It's certainly not the sharpest-handling sports car out there, but it makes up for it with its massively wide tires and an overabundance of power. Even for seasoned high-performance drivers, the Viper can be a challenge to take to its limits. It's thrilling and terrifying in a way that few cars are or ever have been. Interestingly, the ACR's aero and tire enhancements make the Viper both more capable and more stable — and therefore more confidence-inspiring — on a racetrack.
But away from the track and on public roads, the Viper is less appealing. On the street you feel every bump and rut in the pavement and after a short amount of time, it becomes tiring. The same can be said of the V10's loud, droning engine note at highway speeds.
This third-generation Viper represents a huge leap forward in regard to interior design and quality, but it still trails behind other similarly priced sports cars in many aspects. Materials quality is good compared to the average consumer car, but not for one that costs more than $100,000 when new. On the plus side, the Uconnect infotainment interface is one of the better systems for ease of use and responsiveness.
Just getting in and out of the Viper exposes one of its most significant drawbacks. The wide and tall side sill requires an inelegant shimmy to clear, followed by a clumsy drop into the seats. It's especially challenging to larger occupants or those wearing dresses, as the hot side exhaust pipes have a tendency to singe unprotected legs. Once seated, there's not a lot of space to move around, either. There's just enough room for a 6-footer, but perhaps not enough if they are wearing a helmet. Lateral space is also at a premium since the wide transmission tunnel keeps things very tight.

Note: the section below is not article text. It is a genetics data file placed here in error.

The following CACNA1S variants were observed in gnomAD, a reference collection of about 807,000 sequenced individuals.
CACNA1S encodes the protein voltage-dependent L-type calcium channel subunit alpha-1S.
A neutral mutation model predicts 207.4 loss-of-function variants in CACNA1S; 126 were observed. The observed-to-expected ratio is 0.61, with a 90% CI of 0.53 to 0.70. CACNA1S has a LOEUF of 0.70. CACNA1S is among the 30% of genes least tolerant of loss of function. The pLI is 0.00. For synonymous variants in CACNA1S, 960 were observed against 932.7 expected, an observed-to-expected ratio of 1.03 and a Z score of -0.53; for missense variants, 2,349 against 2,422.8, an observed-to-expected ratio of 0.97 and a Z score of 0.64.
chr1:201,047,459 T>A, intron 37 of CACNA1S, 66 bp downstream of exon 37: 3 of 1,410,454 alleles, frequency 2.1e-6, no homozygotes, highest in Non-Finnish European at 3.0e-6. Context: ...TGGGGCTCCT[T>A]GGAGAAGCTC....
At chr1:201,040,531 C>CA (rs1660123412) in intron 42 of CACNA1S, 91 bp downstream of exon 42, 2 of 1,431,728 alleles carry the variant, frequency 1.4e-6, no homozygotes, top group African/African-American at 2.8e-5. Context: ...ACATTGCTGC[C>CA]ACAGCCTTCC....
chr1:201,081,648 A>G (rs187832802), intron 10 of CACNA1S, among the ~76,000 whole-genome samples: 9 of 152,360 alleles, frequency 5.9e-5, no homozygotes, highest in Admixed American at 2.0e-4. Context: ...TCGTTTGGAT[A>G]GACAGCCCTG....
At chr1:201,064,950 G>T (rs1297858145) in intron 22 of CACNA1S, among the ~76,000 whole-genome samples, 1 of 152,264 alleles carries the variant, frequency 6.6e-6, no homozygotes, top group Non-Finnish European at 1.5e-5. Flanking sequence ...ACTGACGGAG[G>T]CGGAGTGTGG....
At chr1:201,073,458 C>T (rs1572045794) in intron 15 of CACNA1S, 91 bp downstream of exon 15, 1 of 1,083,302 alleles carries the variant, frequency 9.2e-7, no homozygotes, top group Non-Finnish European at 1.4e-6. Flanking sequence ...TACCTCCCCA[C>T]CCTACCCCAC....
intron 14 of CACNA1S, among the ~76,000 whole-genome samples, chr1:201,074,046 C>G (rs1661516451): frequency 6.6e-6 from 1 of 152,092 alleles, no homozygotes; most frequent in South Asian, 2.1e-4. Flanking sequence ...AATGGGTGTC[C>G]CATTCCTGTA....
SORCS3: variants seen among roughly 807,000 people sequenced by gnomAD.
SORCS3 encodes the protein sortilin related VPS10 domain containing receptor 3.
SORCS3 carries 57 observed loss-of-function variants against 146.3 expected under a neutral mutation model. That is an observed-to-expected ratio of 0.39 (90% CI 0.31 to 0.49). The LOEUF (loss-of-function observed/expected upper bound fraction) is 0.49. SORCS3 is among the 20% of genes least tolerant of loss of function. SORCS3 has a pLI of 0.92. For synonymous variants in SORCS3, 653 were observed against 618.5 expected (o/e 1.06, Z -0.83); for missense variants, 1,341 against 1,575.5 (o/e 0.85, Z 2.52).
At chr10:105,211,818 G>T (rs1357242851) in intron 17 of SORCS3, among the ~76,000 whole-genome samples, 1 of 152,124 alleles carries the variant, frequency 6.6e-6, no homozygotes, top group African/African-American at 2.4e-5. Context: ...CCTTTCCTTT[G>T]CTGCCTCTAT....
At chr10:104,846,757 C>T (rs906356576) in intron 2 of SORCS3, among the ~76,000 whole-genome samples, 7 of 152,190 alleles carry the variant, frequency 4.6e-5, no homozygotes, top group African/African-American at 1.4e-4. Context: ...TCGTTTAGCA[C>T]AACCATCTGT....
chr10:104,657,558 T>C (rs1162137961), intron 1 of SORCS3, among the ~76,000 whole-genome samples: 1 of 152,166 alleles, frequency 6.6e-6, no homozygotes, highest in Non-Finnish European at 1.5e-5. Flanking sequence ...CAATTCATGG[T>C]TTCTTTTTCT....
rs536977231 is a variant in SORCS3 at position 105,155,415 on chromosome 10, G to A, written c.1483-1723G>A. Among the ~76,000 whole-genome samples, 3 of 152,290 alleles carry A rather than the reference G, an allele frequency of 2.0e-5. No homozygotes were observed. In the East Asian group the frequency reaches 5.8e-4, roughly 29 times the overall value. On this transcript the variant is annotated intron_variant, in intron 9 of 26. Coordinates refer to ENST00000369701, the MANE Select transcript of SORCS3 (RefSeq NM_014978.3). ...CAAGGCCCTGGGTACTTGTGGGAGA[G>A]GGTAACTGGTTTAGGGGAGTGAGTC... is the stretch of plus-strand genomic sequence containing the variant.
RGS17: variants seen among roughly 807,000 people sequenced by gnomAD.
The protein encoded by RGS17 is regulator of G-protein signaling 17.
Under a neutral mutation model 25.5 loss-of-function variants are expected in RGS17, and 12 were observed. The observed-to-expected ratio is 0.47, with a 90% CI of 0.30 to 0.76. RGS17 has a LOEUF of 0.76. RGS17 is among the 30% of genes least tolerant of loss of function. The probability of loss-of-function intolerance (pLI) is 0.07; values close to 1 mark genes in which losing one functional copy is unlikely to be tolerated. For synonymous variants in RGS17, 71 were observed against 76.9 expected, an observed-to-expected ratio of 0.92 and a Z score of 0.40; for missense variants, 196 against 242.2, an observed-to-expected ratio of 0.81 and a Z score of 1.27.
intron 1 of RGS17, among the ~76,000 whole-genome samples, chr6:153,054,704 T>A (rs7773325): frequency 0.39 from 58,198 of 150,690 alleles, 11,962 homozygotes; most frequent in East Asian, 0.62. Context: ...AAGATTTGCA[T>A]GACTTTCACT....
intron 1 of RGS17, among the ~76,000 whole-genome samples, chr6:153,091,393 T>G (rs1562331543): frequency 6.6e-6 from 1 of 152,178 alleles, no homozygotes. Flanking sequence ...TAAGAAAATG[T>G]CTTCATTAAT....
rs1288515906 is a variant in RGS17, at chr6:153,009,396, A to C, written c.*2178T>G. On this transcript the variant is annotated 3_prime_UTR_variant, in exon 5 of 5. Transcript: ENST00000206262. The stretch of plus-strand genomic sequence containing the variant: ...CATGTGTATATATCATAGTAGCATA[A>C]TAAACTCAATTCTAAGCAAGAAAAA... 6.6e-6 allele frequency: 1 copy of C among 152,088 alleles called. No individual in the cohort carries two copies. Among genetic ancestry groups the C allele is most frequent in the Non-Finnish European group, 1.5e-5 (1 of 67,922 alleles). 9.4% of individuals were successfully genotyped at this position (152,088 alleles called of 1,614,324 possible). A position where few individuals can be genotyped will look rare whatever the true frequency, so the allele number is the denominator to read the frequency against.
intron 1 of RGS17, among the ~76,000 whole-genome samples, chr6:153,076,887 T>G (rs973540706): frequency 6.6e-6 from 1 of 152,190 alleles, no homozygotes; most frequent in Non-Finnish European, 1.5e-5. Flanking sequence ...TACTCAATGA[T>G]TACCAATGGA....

Visibility is also limited, with a very low roof line that makes you feel as though you're peeking through a mail slot. Side visibility is compromised by wide rear roof pillars, and the small rear hatch forces heavy reliance on the rearview camera. On paper, the 14.7-cubic-foot trunk capacity is generous, but that's only if you pile your cargo to the roof. The usable space is really limited to a narrow well behind a massive hump. In the passenger compartment, storage is also light, with a few small pockets and bins. Our best advice is to pack light.
Edmunds expert review process
This review was written by a member of Edmunds' editorial team of expert car reviewers. Our team drives every car you can buy. We put the vehicles through rigorous testing, evaluating how they drive and comparing them in detail to their competitors.
We're also regular people like you, so we pay attention to all the different ways people use their cars every day. We want to know if there's enough room for our families and our weekend gear and whether or not our favorite drink fits in the cupholder. Our editors want to help you make the best decision on a car that fits your life.